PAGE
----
The “Life of Gustavus” probably employed many of his years, at least the subject must have occupied his mind for a very considerable time before he began to collect his materials. The undertaking was suggested to him by lord Peterborow, with whom he could have had no communication except previously to the year 1734, when his lordship’s growing infirmities deprived him of the pleasures of society, and in the following year, of life, When travelling with Mr. Stanhope, our author procured access to various sources of information, and dwelt so long on his subject with a fond regard, that when he found how coolly his work was received by the world, and how harshly by the critics, he became uneasy, fretful, and, according to lord Chesterfield, seriously ill with disappointment. Dr. Johnson was of opinion, that the defects of his history proceeded | not from imbecility, but from foppery; and it is certain that the critics* while they pointed out the defects in his style, paid due encomiums on the merit of the history in other respects.

According to Boswell, Dr. Johnson said “he was excessively vain. He put copies of his book in manuscript into the hands of lord Chesterfield and lord Granville, that they might revise it. Now how absurd was it to suppose that two such noblemen would revise so big a manuscript. Poor man! he left London the day of the publication of his book, that he might be out of the way of the great praise he was to receive; and he was ashamed to return, when he, found how ill his book had succeeded. Itwas unlucky in coming out the same day with Robertson’s History of Scotland.” Not the same day, for Robertson’s history was published a month sooner, but Hume’s “House of Tudor” came out the same week; and after perusing these, poor Harte’s style could not certainly be endured. It was not, however, so very absurd to submit his manuscript to lord Chesterfield or lord Granville, if they permitted him; and the former certainly did peruse it, although he might think it too generally contaminated for a few friendly hints or corrections.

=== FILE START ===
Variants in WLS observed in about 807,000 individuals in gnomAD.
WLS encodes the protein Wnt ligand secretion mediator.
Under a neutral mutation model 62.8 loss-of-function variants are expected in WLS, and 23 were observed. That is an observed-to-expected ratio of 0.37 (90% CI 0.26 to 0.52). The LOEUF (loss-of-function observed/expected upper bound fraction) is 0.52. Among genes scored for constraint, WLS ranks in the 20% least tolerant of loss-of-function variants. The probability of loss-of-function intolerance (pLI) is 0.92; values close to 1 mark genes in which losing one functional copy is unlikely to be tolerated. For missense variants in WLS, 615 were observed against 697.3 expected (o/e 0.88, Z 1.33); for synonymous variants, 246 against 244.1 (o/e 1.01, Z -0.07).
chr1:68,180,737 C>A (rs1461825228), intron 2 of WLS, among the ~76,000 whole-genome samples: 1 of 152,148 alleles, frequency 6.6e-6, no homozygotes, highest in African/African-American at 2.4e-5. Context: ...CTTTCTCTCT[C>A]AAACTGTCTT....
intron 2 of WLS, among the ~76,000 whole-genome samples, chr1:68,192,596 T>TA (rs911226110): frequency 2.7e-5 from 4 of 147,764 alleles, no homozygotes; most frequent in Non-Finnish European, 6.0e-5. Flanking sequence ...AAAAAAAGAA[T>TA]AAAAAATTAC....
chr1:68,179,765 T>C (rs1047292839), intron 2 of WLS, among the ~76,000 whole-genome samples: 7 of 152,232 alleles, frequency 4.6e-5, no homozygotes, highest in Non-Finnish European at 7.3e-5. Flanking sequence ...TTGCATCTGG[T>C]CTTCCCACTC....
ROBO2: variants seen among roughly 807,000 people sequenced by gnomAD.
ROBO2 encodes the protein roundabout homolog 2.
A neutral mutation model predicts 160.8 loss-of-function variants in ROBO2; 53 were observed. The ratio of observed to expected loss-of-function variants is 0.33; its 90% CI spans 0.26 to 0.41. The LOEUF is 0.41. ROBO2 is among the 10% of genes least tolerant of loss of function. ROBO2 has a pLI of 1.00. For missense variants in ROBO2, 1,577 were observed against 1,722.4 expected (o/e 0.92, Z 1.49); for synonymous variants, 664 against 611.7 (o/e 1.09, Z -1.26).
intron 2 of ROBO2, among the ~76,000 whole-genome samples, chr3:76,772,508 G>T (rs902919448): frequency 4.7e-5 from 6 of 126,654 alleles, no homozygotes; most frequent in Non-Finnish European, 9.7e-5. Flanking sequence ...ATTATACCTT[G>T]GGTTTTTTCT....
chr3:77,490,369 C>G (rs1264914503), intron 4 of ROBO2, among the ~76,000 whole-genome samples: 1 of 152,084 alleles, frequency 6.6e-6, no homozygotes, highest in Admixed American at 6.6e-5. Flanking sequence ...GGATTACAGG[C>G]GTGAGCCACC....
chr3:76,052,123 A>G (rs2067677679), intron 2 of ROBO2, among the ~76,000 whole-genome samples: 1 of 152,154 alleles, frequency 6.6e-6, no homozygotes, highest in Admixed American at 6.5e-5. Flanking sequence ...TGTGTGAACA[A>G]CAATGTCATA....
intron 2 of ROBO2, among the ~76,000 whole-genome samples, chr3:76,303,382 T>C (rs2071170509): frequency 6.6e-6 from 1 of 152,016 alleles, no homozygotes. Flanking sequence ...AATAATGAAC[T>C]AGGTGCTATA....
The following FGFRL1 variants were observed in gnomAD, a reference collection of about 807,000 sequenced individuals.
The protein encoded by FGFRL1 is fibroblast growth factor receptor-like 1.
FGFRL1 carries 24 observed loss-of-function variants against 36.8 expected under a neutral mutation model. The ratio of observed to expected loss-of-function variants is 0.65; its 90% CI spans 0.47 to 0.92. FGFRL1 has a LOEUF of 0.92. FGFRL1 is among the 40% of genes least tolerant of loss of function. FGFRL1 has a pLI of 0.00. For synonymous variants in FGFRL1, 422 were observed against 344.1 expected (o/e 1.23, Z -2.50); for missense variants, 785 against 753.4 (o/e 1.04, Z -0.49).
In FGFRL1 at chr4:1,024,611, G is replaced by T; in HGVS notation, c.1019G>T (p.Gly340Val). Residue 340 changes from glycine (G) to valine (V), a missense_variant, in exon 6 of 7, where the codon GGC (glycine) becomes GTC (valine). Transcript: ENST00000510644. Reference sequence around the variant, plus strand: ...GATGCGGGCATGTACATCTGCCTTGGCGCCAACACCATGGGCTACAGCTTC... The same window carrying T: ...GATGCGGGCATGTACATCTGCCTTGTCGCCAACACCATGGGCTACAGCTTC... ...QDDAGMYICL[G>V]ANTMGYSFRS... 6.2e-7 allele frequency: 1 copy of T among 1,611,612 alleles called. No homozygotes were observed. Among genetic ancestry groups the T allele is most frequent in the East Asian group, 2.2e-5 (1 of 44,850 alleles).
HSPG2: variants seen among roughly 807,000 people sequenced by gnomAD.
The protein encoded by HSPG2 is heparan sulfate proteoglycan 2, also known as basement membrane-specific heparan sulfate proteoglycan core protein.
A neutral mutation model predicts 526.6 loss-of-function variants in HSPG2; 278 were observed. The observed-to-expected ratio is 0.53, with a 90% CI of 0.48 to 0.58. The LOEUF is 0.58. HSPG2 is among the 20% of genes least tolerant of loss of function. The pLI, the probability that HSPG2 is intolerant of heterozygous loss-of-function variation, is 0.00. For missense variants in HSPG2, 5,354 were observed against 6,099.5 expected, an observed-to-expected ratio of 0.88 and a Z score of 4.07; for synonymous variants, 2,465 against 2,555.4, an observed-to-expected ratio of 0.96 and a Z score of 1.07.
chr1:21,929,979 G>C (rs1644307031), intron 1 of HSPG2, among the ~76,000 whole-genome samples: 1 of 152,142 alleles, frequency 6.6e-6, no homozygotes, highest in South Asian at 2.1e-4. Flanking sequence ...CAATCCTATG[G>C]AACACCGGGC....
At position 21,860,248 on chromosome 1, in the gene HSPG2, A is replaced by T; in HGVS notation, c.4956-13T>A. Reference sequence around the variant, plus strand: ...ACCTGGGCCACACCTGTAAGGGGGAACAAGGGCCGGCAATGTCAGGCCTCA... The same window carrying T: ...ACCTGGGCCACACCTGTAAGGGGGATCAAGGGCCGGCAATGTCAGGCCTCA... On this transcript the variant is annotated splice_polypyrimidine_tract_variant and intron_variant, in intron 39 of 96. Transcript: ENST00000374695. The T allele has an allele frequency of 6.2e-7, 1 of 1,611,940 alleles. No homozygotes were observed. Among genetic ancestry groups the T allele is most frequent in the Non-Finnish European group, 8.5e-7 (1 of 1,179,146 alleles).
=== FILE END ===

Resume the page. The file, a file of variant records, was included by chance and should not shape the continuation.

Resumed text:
With Pope, Harte appears to have been on very intimate terms, and we find his encomiastic lines among the testimonies of authors prefixed to the “Dunciad.” He had even attained so much character both as a poet and a philosopher, that the “Essay on Man” was at first attributed to him. It may not be impertinent to introduce here an anecdote, related by Dr. Warton, who was very intimate with Harte. " Pope told Mr. Harte, that in order to disguise his being the author of the second epistle of the Essay on Man, he made, in the first edition, the following bad rhyme:

"A cheat! a whore! that starts not at the name,

In all the inns of court, or Drury-lane."

And Harte remembered to have often heard it urged, in inquiries about the author, whilst he was unknown, that it was impossible it could be Pope’s, on account of this very passage." Warton, it may be added, always spoke with respect of Harte’s abilities.

From every evidence, he appears to have been a man of extensive learning, and acquainted not only with the best authors of his time, but with the classics, the fathers of | the church, and other eminent writers of antiquity, which Dr. Maty, rather inconsiderately, calls “Gothic erudition.” It is true that he often discovers that kind of reading which is seldom read, but the illustrations he has appended to the poems in “The Amaranth,” from the fathers, &c. are generally apt and judicious. Towards the close of life, he cheered his painful and solitary hours by devotional reading, He died unmarried, and at one time seems to have considered the married state as unfavourable to the exertions of genius. In his “Essay on Painting,” he very ungallantly recommends that the artist should be